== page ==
I still have Ian Cohen’s Alligator Goodbye Column bookmarked on my laptop.
Cohen was one of four seniors — along with Ethan Bauer, Matt Brannon and Dylan Dixon — who, as a freshman, I considered to be Alligator royalty. I could talk about those four all day, but it suffices to say they each taught me invaluable lessons and made me a stronger writer in my first two semesters working for this incredible newspaper. Unsurprisingly, they each wrote incredibly eloquent Goodbye Columns.
There was one line in Ian’s column, though, that really struck me: “Sometimes I feel like I didn’t go to college at Florida, but that I went to college at The Alligator.”
Two years later, I finally get what Ian meant.
When I look back at my college years, this newspaper is the first thing I’ll think about. It’s not just the number of hours (a lot) that I devoted to the paper; it’s the people I met, including most of my best friends. It’s what I learned, one constant from my days as a copy editor through my days as sports editor. It’s the memories I made, which I’ll get to later. Working for The Alligator has been the highlight of my college career, which makes this column the most difficult I’ve ever had to write.
After Florida plays in its bowl game, I’ll be moving on to new challenges. I’ve given everything I possibly can to this paper, and it’s time for a new hire to make some memories of his or her own here as I did.
And what incredible memories they were. Interviewing Pete Alonso and Abby Wambach were two of the coolest things I’ve ever done. Covering football and road-tripping to all the games with some of my best friends is something I’ll never forget. I’ll also always remember the long nights spent in the office with some of the funniest, hardest-working people I’ll ever meet.
About those people: I’m not a journalism major, and at times (especially early in my tenure, when I wasn’t sure if I was wasting my time or not) they were what kept me coming back.
Thank you to Matt Brannon for giving an 18-year-old kid whose only experience in journalism was at his high school paper a shot. I still have my original application. It’s hilariously bad. To this day I’m not sure why you hired me, but I’m so glad you did.
Thank you to River Wells for being my best friend at this newspaper and a lifesaver as my assistant sports editor. I couldn’t have done it without you. By the way, if there are any music executives reading this, sign him.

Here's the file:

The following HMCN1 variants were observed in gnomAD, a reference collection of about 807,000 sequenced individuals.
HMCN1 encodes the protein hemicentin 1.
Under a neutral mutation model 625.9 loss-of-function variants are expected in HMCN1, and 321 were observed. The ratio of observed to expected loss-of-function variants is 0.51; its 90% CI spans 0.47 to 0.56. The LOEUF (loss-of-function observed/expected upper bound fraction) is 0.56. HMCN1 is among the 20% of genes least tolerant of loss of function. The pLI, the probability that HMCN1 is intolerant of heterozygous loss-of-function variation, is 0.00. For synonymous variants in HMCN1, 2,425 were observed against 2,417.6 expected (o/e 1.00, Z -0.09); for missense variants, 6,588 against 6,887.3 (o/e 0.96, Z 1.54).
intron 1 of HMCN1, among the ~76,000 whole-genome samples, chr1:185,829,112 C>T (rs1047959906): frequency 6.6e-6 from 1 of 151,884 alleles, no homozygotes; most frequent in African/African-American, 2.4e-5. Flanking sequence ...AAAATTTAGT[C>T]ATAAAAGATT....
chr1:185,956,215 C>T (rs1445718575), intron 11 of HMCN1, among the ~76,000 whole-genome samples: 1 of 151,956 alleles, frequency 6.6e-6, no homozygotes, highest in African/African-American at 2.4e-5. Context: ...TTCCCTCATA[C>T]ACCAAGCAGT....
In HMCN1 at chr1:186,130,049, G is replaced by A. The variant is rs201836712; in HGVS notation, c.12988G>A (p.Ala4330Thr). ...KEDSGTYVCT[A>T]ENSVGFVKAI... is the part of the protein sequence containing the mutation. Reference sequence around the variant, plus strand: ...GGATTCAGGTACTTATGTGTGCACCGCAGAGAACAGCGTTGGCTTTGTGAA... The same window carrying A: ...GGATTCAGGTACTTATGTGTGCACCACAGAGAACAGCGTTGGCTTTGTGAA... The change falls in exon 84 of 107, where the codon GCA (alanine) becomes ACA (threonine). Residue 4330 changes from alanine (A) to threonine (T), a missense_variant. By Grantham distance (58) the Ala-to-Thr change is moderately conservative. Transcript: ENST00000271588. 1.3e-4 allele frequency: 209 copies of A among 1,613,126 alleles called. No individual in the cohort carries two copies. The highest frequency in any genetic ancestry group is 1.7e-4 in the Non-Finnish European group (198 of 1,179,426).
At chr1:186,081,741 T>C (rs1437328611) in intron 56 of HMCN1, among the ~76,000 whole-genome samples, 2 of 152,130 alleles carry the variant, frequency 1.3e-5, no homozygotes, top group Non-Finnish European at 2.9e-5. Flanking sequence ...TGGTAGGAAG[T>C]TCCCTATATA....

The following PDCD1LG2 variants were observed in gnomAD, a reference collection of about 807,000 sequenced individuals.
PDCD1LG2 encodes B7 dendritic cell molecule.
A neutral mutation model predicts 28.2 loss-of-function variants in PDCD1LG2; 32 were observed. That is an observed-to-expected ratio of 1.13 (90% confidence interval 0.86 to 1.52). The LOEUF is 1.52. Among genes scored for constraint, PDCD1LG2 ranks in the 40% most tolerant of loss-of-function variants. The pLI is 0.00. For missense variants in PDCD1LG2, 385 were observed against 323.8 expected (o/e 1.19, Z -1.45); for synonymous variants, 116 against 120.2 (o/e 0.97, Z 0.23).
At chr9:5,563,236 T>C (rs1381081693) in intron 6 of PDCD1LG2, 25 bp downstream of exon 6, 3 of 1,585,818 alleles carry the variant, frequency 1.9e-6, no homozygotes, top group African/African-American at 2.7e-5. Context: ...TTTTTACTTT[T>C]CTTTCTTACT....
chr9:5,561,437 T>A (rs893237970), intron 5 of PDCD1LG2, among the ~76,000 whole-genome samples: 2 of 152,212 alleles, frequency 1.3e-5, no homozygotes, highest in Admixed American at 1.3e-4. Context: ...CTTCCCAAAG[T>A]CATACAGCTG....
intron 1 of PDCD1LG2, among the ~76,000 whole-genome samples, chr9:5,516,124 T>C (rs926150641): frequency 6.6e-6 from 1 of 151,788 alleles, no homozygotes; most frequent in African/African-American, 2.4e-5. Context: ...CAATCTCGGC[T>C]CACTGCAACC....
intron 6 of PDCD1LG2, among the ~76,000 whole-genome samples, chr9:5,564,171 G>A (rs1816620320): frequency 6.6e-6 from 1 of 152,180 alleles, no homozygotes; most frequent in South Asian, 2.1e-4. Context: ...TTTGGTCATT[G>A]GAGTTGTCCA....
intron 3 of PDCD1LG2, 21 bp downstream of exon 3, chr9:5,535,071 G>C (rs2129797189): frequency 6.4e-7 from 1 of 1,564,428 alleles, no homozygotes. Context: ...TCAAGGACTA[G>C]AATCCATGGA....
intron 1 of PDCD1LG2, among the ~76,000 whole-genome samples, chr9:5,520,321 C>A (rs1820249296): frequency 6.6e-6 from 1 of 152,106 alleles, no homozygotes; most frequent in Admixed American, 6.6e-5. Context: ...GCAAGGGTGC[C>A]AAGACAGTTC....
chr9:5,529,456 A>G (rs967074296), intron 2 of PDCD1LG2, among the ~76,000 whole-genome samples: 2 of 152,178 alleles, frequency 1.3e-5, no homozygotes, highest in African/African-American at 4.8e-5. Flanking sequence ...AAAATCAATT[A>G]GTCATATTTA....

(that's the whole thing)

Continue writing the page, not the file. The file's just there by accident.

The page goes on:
Thank you to Tyler Nettuno, Dylan Rudolph and Kyle Wood for just being awesome. There’s no other group with which I would rather trek down the shoulder of a rainy, muddy Bluff Road in Columbia, South Carolina.
Thank you to my amazing coworkers, who are even better friends than they are writers: Jake Dreilinger (promoted me to sports editor), Bryan Matamoros (coy), Dylan O’Shea (go Mets), Chris O’Brien (dumbass), Morgan McMullen (geezer), Mari Faiello (fellow Wolf Tracks alum), Mark Stine (maestro), Alanis Thames (GOAT), Joseph Salvador (most dedicated guy I know), Evan Lepak (did everything over the summer), the seniors I mentioned earlier and so many more.
Thank you to my mom, who convinced me to pursue journalism in high school and let me know The Alligator was looking for sports writers. I wouldn’t be here if it wasn’t for her insistence on getting involved. Thank you to the rest of my family, as well, for being so supportive.
Also, a special shoutout to all the UF student-athletes and UAA employees I worked with. Most of them probably don’t remember me, but none of my work would’ve been possible without them. I always tell people that covering small sports like soccer was just as much fun as covering football, and a lot of that had to do with the people affiliated with the programs. In particular, thank you to Funda Nakkasoglu and Sam Stolte for being so accommodating.
Finally, thank you to you, the reader. I’m so grateful to the people that support our work. I appreciate every person who has picked up a copy of the paper, read an article of mine, sent me an email or replied to me on Twitter. Even you, guy who told me to “go play in traffic.”
I guess you (sort of) got your wish. I’m gone. You won’t have to read another column from me comparing Kyle Trask and Emory Jones. Not in these pages, at least. I’m leaving The Alligator, but The Alligator will never leave me.
Sam Campisano was a sports editor and writer at The Alligator. Follow him on Twitter @samcampisano.